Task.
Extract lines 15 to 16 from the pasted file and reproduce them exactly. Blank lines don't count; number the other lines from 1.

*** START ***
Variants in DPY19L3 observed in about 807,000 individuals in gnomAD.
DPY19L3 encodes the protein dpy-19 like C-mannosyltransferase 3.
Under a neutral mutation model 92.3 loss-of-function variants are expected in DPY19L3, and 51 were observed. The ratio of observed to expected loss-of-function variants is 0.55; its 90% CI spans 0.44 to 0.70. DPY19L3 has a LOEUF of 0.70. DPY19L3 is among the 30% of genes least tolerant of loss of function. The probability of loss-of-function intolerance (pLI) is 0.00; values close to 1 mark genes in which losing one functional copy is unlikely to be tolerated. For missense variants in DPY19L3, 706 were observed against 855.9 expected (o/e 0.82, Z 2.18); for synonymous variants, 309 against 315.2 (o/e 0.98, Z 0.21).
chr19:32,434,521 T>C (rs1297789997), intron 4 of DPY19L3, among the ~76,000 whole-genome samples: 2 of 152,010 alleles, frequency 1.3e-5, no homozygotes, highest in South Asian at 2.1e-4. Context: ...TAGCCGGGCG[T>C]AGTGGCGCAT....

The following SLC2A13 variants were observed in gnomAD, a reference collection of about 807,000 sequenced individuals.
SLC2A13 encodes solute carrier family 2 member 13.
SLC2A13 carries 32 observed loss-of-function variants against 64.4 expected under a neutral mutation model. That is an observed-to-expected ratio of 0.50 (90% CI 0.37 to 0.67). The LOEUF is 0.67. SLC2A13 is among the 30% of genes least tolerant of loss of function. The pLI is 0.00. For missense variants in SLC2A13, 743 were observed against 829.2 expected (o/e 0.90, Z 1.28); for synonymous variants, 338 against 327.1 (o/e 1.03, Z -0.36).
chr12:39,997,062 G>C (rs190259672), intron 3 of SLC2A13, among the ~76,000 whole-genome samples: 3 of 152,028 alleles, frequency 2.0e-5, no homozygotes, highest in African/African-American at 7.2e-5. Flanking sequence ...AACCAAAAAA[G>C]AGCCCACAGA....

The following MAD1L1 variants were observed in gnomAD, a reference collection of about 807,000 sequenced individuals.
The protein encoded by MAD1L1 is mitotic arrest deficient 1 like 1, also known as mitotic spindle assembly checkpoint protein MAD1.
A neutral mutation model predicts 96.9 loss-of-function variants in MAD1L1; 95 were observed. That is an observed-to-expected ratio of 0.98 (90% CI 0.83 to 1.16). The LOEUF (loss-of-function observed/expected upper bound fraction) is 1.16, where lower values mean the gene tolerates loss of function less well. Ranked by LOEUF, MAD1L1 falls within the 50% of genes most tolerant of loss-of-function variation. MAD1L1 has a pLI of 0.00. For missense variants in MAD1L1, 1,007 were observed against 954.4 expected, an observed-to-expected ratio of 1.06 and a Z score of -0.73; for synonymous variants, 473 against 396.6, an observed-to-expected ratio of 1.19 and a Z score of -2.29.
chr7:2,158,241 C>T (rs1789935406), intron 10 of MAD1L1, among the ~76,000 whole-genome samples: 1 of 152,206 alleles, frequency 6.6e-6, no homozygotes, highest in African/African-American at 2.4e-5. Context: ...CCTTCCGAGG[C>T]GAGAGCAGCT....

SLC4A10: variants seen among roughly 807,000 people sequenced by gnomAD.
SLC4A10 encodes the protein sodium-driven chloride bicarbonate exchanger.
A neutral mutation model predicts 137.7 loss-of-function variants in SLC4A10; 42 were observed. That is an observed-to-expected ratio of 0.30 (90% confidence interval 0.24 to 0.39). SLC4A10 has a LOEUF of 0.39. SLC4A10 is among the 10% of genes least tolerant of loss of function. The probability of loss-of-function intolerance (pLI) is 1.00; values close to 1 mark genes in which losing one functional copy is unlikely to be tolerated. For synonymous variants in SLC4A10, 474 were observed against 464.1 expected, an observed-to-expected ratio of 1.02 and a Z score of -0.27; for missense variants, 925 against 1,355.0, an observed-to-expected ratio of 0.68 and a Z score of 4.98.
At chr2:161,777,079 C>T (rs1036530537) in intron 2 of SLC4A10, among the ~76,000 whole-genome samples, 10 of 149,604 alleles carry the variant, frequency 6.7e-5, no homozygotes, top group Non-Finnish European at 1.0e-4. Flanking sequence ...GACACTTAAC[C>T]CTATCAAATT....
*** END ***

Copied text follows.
A neutral mutation model predicts 137.7 loss-of-function variants in SLC4A10; 42 were observed. That is an observed-to-expected ratio of 0.30 (90% confidence interval 0.24 to 0.39). SLC4A10 has a LOEUF of 0.39. SLC4A10 is among the 10% of genes least tolerant of loss of function. The probability of loss-of-function intolerance (pLI) is 1.00; values close to 1 mark genes in which losing one functional copy is unlikely to be tolerated. For synonymous variants in SLC4A10, 474 were observed against 464.1 expected, an observed-to-expected ratio of 1.02 and a Z score of -0.27; for missense variants, 925 against 1,355.0, an observed-to-expected ratio of 0.68 and a Z score of 4.98.
At chr2:161,777,079 C>T (rs1036530537) in intron 2 of SLC4A10, among the ~76,000 whole-genome samples, 10 of 149,604 alleles carry the variant, frequency 6.7e-5, no homozygotes, top group Non-Finnish European at 1.0e-4. Flanking sequence ...GACACTTAAC[C>T]CTATCAAATT....